Icelandic Language Blog

How to spend New Year in Iceland Posted by on Dec 31, 2015 in Icelandic culture, Icelandic customs


Photo by MongFish at Flickr.

New Year is almost here! Stuck in Reykjavík and lacking ideas what to do? Worry no more, this post will be one big Hulda Recommends -post about things that are going on today. New Year’s Eve, called Gamlaárskvöld (= old year’s evening) in Icelandic, is serious business.

Stores will be open even on the 31st

…but do your shopping on the morning half of the day as most of even the bigger ones will close early. Small stores are likely closed all day though as the only thing people generally need to buy today is food and alcohol. Oh, and fireworks! Talk about those –

Björgunarsveitinn sells the best

The voluntary rescue units are a huge factor in the fireworks sold this time of the year. Those of you who have spent the days after Christmas here will likely have already seen some firework shows that the Björgunarsveitinn hosts to advertise their wares, and usually every larger shopping centre either has a Björgunarsveitinn fireworks selling place or one is nearby. Look for the word flugeldar (= fireworks, lit. transl. flying fire)!

The money from their sales will fund the rescue units whose help, by the way, is entirely voluntary, self-funded and free should you need it. Icelanders love them for a good reason and Hulda, too, plans to get her fireworks from them.


Happy new year! by óskar elías sigurðsson at Flickr.

Only fireworks? No – have some REAL fire!

Áramótabrennur (= New Year Bonfires, lit. transl. years meeting burnings) will be available on ten places within the Capital City area: big ones near Ægisíða, Geirsnef, Rauðavatn and Gufunes. More locations can be found here for the smaller bonfires. Almost all of them are lit at 20.30 o’clock with exception of two, Skerjafjörður bonfire at 21.00 and Úlfarsfell at 15.00. There’ll be people singing álfasöngur, elf songs, burning sparklers and enjoying the bonfire, but note that lighting large fireworks near the bonfires is banned.

Elf songs?

Yup. Elves that wish to move house do so on New Year’s eve so be prepared for huldufólk (= hidden people) going around. Your best bet is to not talk to large groups of gray-clad people lugging around big, heavy things, as communicating with them might come at the cost of your sanity or life. The aforementioned elf songs usually tell stories of elves being horrible towards humans or, in some cases, giving them gifts.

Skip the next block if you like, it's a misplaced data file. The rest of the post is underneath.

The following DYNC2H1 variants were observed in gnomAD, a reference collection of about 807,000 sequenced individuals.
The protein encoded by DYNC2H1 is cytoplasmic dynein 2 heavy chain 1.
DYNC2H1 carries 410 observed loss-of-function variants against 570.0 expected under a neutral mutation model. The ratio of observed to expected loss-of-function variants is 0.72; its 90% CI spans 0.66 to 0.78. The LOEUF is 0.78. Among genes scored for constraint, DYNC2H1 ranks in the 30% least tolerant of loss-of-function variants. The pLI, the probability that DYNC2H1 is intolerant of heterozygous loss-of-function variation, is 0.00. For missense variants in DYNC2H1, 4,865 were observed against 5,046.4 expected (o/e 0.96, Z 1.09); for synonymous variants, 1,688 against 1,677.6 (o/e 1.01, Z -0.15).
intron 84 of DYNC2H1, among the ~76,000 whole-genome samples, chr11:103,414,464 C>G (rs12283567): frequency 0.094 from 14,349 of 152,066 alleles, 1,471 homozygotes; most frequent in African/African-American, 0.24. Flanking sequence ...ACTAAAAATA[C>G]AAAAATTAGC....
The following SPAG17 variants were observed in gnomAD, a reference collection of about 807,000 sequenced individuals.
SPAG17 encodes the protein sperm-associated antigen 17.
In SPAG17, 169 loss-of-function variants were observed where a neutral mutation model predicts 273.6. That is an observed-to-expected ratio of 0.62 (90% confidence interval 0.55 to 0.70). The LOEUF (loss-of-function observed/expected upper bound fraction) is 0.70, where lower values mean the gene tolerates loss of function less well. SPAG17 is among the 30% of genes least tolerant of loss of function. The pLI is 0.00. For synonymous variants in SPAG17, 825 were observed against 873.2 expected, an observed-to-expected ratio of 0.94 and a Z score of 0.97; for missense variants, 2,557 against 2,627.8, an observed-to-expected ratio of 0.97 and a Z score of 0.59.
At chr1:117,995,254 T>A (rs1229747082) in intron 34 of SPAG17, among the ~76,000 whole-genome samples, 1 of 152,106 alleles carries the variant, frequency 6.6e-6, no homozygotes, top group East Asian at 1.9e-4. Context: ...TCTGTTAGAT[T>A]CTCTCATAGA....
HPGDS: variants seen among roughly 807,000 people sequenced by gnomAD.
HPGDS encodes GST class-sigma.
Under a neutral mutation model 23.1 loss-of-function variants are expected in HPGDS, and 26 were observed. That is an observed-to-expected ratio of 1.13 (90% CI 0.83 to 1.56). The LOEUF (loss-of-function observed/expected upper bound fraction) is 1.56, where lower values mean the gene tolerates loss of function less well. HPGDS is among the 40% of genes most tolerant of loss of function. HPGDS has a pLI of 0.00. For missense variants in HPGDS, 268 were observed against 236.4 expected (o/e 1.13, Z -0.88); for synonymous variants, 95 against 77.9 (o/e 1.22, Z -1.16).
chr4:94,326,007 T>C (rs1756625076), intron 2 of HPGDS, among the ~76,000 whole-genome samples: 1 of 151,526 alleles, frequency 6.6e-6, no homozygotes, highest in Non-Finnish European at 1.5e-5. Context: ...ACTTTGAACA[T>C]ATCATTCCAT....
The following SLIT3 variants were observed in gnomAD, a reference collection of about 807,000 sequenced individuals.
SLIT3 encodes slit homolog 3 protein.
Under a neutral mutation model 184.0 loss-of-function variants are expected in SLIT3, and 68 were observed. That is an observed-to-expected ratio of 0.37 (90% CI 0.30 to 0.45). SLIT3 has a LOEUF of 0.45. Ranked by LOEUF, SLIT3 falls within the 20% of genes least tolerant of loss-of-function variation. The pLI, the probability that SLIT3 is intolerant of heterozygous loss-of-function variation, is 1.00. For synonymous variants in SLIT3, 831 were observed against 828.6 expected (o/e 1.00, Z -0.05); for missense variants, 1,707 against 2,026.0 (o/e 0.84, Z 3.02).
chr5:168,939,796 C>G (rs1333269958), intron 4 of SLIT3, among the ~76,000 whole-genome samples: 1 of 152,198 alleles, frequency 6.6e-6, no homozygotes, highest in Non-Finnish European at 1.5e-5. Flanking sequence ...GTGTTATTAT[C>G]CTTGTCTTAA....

Fireworks by Vala Run at Flickr.

Icelanders love their fireworks

You’ll not have a second of peace and quiet anywhere, I guarantee you that! Icelanders send up so many fireworks that at the end of the night the whole city of Reykjavík sits in a thick cloud of gunpowder smoke. Not a second? Wait, that was not true – there’s in fact a whole hour when the noise comes to an abrupt halt and everywhere is quiet. What’s going on?


There’s an extremely popular show on tv once a year: Áramótaskaupið. It portrays the high points of the past year in satirical, humorous light, and especially the local politicians get what’s coming to them. If you see anyone outside it’s probably just some politician who’s really earned their place in this year’s show…

There’s of course supposed to be a lot of eating and drinking all night long and parties everywhere, so keep your eyes open on FB (that’s where ALL Icelanders are) and find out whether there’s something going on nearby.


New Year’s Eve 4 by Atli Harðarson at Flickr.

On behalf of Transparent Language’s Icelandic blog Hulda wishes all the readers a magical and wonderful New Year 2016!

~Farsælt komandi ár!~

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About the Author: hulda

Hi, I'm Hulda, originally Finnish but now living in the suburbs of Reykjavík. I'm here to help you in any way I can if you're considering learning Icelandic. Nice to meet you!


  1. bobriha:

    Happy New Year to you too!